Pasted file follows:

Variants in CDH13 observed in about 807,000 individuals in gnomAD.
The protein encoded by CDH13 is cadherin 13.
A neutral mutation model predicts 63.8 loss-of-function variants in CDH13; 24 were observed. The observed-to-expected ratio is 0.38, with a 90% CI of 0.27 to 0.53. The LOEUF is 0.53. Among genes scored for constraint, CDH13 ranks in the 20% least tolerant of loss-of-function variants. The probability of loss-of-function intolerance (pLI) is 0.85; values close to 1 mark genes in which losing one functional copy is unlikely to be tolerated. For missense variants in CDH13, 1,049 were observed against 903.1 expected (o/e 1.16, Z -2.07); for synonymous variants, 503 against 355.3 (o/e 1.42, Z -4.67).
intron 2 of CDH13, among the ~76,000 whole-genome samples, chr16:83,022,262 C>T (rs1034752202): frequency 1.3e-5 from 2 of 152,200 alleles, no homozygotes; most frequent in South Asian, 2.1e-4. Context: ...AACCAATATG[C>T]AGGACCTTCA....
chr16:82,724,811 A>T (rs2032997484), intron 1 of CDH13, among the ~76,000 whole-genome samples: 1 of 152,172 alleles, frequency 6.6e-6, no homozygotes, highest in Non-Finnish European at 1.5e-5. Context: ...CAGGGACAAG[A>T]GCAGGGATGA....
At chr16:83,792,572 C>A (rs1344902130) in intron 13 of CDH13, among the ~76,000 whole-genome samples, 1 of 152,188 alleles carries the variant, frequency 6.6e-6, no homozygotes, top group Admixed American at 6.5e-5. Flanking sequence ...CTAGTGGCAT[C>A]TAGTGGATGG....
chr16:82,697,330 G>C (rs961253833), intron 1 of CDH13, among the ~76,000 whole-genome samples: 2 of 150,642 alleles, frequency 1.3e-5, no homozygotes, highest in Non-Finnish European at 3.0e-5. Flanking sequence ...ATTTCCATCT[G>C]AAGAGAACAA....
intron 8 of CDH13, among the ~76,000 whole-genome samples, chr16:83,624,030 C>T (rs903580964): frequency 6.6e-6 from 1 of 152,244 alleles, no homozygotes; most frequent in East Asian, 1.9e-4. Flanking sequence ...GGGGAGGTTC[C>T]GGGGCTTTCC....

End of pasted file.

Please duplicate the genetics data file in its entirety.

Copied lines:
Variants in CDH13 observed in about 807,000 individuals in gnomAD.
The protein encoded by CDH13 is cadherin 13.
A neutral mutation model predicts 63.8 loss-of-function variants in CDH13; 24 were observed. The observed-to-expected ratio is 0.38, with a 90% CI of 0.27 to 0.53. The LOEUF is 0.53. Among genes scored for constraint, CDH13 ranks in the 20% least tolerant of loss-of-function variants. The probability of loss-of-function intolerance (pLI) is 0.85; values close to 1 mark genes in which losing one functional copy is unlikely to be tolerated. For missense variants in CDH13, 1,049 were observed against 903.1 expected (o/e 1.16, Z -2.07); for synonymous variants, 503 against 355.3 (o/e 1.42, Z -4.67).
intron 2 of CDH13, among the ~76,000 whole-genome samples, chr16:83,022,262 C>T (rs1034752202): frequency 1.3e-5 from 2 of 152,200 alleles, no homozygotes; most frequent in South Asian, 2.1e-4. Context: ...AACCAATATG[C>T]AGGACCTTCA....
chr16:82,724,811 A>T (rs2032997484), intron 1 of CDH13, among the ~76,000 whole-genome samples: 1 of 152,172 alleles, frequency 6.6e-6, no homozygotes, highest in Non-Finnish European at 1.5e-5. Context: ...CAGGGACAAG[A>T]GCAGGGATGA....
At chr16:83,792,572 C>A (rs1344902130) in intron 13 of CDH13, among the ~76,000 whole-genome samples, 1 of 152,188 alleles carries the variant, frequency 6.6e-6, no homozygotes, top group Admixed American at 6.5e-5. Flanking sequence ...CTAGTGGCAT[C>A]TAGTGGATGG....
chr16:82,697,330 G>C (rs961253833), intron 1 of CDH13, among the ~76,000 whole-genome samples: 2 of 150,642 alleles, frequency 1.3e-5, no homozygotes, highest in Non-Finnish European at 3.0e-5. Flanking sequence ...ATTTCCATCT[G>C]AAGAGAACAA....
intron 8 of CDH13, among the ~76,000 whole-genome samples, chr16:83,624,030 C>T (rs903580964): frequency 6.6e-6 from 1 of 152,244 alleles, no homozygotes; most frequent in East Asian, 1.9e-4. Flanking sequence ...GGGGAGGTTC[C>T]GGGGCTTTCC....